There are various levels of aiming sights that can be added to a bow. An archer’s bow can range from a bent stick to a teched-out compound bow with lasers on it. Some seek the most primal or traditional experience possible when holding a bow. A bow without any sights may earn you a head nod from a primal purist (VERY IMPORTANT). Respect gained. Now what? Enter gap shooting.
Gap shooting is a technique used in archery for aiming at a target without relying on a traditional sight system. In gap shooting, the archer estimates the distance to the target and uses the visual reference of the arrow tip or some other part of the bow to determine the aiming point. The “gap” refers to the perceived space between the reference point and the target.
Here’s how gap shooting typically works:
- Estimating Distance: The archer visually estimates the distance to the target. This estimation can be based on experience, familiarity with the shooting environment, or other cues.
- Determining the Gap: Based on the estimated distance, the archer identifies a reference point on the bow or arrow shaft that, when visually aligned with the target, creates a “gap” between the reference point and the target.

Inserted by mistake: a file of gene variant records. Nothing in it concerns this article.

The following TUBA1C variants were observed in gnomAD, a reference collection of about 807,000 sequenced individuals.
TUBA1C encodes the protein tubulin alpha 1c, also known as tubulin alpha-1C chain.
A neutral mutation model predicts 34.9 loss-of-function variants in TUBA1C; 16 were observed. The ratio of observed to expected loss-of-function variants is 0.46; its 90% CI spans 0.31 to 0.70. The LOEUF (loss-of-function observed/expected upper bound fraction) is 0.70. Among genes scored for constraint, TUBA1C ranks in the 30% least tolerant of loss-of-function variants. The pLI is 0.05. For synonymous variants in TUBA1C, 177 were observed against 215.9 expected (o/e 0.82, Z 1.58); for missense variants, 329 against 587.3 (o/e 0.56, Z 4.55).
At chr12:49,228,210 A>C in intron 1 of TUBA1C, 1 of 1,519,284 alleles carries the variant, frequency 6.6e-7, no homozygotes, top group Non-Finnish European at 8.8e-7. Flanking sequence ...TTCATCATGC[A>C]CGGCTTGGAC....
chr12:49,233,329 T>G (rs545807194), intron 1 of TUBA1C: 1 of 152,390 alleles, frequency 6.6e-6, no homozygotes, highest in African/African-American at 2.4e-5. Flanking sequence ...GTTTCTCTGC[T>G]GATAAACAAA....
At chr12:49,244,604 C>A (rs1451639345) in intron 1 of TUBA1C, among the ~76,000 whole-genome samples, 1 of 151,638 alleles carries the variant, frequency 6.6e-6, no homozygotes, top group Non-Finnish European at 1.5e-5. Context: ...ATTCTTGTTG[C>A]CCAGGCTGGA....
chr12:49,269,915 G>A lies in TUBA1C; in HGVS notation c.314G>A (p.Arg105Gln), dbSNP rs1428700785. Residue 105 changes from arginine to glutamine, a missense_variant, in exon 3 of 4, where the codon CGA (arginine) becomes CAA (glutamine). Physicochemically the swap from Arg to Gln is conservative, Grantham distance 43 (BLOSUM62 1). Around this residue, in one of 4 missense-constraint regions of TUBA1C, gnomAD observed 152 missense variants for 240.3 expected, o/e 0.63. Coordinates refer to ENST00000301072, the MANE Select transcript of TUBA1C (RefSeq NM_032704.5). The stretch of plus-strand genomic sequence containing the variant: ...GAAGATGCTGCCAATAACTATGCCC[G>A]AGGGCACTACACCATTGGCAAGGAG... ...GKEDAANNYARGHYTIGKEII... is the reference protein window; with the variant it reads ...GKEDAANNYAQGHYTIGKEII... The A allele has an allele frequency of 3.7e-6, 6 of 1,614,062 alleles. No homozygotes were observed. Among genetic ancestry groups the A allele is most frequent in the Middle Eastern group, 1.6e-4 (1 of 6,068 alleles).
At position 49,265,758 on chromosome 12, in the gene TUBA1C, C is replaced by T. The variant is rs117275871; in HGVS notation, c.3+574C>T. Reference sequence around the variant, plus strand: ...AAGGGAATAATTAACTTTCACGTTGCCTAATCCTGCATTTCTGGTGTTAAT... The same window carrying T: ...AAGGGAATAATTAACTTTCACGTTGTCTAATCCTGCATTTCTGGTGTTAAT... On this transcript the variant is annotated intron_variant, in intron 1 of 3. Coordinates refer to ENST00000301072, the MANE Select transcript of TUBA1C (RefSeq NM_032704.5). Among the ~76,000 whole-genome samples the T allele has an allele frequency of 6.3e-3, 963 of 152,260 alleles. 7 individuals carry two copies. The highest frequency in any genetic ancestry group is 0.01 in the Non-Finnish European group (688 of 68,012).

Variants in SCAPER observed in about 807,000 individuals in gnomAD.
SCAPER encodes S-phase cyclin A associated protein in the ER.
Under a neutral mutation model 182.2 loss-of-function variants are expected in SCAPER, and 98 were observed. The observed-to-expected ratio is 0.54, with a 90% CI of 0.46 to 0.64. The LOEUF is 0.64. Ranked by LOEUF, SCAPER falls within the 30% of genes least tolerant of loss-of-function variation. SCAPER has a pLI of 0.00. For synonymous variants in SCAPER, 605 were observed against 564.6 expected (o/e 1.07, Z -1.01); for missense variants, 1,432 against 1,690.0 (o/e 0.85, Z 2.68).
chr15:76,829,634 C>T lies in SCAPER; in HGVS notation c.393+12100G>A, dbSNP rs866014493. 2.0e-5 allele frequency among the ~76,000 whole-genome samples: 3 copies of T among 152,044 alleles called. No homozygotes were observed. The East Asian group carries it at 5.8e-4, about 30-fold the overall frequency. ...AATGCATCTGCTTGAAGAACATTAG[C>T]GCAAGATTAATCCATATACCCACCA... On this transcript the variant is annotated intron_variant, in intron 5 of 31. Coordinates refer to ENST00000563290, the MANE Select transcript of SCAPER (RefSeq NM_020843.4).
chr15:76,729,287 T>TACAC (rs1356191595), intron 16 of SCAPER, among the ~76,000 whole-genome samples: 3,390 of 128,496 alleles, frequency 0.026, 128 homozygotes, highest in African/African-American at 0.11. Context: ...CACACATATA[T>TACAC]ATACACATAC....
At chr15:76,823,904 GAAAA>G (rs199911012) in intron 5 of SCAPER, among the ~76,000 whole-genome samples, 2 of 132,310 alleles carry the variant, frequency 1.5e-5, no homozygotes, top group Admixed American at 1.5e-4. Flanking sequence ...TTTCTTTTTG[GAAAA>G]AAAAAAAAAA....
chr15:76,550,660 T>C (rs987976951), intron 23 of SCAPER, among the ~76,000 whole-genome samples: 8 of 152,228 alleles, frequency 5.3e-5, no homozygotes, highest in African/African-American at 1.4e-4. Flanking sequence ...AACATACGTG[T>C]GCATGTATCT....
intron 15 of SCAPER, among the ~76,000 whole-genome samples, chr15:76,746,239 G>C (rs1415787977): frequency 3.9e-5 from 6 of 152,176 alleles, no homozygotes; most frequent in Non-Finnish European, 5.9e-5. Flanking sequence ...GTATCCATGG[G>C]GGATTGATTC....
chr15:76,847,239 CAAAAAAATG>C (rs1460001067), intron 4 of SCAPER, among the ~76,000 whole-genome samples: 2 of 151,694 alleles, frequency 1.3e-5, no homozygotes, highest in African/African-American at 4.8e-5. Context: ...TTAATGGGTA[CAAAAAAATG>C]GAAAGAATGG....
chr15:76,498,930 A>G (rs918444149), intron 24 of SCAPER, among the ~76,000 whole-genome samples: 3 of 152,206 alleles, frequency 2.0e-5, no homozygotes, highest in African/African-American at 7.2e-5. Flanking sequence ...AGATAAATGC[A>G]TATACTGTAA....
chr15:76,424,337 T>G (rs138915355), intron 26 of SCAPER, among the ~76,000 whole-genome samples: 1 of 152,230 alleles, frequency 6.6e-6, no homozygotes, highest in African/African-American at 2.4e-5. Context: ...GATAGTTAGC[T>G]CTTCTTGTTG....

- Aiming: The archer then aims by aligning the chosen reference point with the target and uses the perceived gap to adjust for the appropriate elevation. The gap serves as a mental reference for where the arrow needs to be placed relative to the target.
- Practice: Gap shooting requires practice to develop consistency in estimating distances and creating the correct gap for different target distances.
Common reference points for gap shooting include the point of the arrow, the back of the bow, or other distinctive features on the bow. Some archers may use a combination of visual references to establish their gaps accurately.
Gap shooting is often employed in traditional archery, where bows lack sophisticated sight systems. It requires a good understanding of arrow trajectory, familiarity with the bow’s characteristics, and the ability to make quick and accurate distance estimates. A gap shooter has an intuitive sense of how the arrow will fly over a certain distance. While it may not provide the precision of some modern sight systems, gap shooting can be effective and is a skill that many archers find rewarding to develop.